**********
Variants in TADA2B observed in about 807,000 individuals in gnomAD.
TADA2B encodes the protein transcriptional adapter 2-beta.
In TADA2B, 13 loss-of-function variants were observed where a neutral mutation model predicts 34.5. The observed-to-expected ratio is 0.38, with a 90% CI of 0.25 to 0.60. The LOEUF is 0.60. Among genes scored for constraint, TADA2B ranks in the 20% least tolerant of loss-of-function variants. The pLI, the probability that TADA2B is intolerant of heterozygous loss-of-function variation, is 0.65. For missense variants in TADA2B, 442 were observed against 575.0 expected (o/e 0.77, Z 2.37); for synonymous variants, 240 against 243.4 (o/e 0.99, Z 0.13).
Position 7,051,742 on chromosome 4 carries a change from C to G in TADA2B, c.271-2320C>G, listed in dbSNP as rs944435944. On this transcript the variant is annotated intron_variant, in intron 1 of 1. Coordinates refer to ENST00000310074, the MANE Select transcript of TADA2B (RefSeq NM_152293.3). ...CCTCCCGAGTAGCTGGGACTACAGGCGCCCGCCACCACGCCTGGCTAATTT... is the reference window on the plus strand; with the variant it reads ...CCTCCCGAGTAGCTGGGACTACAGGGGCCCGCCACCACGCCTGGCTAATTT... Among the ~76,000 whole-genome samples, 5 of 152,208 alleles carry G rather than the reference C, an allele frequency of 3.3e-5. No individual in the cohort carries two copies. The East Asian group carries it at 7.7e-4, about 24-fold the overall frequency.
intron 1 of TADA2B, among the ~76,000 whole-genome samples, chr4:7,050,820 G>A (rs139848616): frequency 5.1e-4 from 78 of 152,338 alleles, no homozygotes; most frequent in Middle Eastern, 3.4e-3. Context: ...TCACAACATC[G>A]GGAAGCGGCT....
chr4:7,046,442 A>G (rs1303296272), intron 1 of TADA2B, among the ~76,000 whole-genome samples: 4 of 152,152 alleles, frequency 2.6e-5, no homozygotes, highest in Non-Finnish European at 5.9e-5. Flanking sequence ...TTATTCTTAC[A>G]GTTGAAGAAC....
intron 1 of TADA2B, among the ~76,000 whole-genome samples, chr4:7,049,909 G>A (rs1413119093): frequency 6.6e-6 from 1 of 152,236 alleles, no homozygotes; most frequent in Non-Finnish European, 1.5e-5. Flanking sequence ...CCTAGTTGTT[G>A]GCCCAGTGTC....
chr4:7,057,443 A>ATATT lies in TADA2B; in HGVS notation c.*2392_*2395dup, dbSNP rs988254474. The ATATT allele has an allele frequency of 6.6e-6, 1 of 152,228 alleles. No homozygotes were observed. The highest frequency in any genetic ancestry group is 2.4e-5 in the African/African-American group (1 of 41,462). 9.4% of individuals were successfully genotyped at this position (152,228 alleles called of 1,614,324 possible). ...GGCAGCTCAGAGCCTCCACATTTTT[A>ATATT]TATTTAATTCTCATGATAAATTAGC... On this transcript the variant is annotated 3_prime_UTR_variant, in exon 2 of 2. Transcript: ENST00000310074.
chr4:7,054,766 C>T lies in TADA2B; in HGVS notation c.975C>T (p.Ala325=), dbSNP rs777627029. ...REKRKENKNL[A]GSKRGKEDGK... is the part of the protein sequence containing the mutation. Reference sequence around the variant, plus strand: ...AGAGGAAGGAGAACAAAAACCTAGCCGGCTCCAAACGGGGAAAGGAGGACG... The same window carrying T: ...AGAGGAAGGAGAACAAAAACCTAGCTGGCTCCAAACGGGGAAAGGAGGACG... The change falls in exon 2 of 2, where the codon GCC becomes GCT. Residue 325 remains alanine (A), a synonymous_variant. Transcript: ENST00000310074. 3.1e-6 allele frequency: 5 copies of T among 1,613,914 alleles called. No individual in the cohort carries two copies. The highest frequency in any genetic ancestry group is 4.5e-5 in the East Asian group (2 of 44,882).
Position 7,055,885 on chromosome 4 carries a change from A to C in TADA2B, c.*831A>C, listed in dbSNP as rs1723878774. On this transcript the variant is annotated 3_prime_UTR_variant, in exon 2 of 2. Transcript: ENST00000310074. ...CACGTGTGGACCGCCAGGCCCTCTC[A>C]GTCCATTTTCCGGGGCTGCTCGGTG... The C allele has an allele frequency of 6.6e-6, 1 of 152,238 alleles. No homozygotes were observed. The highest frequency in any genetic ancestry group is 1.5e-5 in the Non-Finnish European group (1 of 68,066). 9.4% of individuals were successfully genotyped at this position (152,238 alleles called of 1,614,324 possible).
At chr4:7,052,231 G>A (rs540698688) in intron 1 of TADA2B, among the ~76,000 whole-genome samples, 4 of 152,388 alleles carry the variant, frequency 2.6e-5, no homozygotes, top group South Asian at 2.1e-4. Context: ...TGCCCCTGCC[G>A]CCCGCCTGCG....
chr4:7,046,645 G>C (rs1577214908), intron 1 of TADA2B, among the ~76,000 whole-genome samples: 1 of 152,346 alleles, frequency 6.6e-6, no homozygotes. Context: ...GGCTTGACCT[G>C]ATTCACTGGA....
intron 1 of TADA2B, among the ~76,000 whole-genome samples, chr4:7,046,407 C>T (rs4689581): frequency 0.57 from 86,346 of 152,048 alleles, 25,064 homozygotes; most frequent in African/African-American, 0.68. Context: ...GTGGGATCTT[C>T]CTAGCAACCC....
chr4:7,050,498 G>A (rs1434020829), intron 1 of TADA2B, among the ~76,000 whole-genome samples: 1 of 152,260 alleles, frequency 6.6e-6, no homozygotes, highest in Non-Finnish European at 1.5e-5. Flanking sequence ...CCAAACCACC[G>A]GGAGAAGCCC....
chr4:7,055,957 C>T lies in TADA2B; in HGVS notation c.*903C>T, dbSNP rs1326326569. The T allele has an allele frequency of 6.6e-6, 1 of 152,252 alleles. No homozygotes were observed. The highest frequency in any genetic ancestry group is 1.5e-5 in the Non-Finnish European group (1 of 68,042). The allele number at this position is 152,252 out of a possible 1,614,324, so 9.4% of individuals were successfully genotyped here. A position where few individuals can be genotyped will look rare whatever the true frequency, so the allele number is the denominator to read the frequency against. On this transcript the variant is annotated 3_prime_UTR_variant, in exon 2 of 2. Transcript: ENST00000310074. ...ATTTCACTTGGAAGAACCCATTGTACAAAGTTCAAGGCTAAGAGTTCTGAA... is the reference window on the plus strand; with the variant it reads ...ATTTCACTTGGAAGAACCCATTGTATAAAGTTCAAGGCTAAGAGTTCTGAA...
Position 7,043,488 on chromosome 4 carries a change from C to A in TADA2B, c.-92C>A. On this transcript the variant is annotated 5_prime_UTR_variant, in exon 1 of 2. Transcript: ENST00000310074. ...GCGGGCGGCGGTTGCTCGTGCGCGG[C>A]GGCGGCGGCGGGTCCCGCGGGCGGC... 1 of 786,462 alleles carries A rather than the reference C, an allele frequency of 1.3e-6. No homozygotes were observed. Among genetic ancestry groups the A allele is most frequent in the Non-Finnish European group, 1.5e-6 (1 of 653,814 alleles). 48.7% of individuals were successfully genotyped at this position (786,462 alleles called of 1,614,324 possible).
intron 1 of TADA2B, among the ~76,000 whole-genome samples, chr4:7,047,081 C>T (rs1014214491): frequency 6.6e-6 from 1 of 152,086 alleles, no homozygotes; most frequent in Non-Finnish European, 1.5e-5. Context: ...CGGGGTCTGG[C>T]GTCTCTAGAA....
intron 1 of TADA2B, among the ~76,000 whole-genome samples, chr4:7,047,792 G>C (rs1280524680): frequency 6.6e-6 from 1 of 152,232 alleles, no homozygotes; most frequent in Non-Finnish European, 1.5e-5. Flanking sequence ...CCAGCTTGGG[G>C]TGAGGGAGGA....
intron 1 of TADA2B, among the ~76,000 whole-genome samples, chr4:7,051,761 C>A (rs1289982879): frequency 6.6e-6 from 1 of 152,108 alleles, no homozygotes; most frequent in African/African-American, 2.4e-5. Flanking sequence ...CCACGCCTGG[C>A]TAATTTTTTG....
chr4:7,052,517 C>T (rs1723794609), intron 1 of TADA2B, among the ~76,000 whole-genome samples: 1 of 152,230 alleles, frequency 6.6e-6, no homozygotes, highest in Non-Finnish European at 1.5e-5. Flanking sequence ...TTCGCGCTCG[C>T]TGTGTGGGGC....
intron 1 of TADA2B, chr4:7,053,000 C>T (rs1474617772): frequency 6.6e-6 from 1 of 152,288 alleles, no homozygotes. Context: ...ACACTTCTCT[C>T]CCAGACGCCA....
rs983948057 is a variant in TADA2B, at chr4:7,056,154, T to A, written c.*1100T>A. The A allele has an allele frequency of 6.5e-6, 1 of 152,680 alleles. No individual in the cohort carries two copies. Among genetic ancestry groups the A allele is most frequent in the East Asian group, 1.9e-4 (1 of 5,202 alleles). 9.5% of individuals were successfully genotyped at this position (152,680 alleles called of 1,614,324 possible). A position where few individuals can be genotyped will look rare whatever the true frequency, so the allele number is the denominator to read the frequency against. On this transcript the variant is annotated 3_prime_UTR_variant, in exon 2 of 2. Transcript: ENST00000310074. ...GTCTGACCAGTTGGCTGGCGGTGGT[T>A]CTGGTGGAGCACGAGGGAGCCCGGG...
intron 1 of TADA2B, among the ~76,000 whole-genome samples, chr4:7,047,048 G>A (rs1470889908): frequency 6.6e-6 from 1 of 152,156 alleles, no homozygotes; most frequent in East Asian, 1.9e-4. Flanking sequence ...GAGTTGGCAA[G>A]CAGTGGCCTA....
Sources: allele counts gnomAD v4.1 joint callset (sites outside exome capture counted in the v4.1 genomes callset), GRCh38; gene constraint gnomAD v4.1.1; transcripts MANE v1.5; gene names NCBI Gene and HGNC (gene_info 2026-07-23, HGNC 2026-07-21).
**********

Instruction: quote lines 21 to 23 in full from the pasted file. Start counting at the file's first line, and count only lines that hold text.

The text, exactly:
intron 1 of TADA2B, chr4:7,053,000 C>T (rs1474617772): frequency 6.6e-6 from 1 of 152,288 alleles, no homozygotes. Context: ...ACACTTCTCT[C>T]CCAGACGCCA....
rs983948057 is a variant in TADA2B, at chr4:7,056,154, T to A, written c.*1100T>A. The A allele has an allele frequency of 6.5e-6, 1 of 152,680 alleles. No individual in the cohort carries two copies. Among genetic ancestry groups the A allele is most frequent in the East Asian group, 1.9e-4 (1 of 5,202 alleles). 9.5% of individuals were successfully genotyped at this position (152,680 alleles called of 1,614,324 possible). A position where few individuals can be genotyped will look rare whatever the true frequency, so the allele number is the denominator to read the frequency against. On this transcript the variant is annotated 3_prime_UTR_variant, in exon 2 of 2. Transcript: ENST00000310074. ...GTCTGACCAGTTGGCTGGCGGTGGT[T>A]CTGGTGGAGCACGAGGGAGCCCGGG...
intron 1 of TADA2B, among the ~76,000 whole-genome samples, chr4:7,047,048 G>A (rs1470889908): frequency 6.6e-6 from 1 of 152,156 alleles, no homozygotes; most frequent in East Asian, 1.9e-4. Flanking sequence ...GAGTTGGCAA[G>A]CAGTGGCCTA....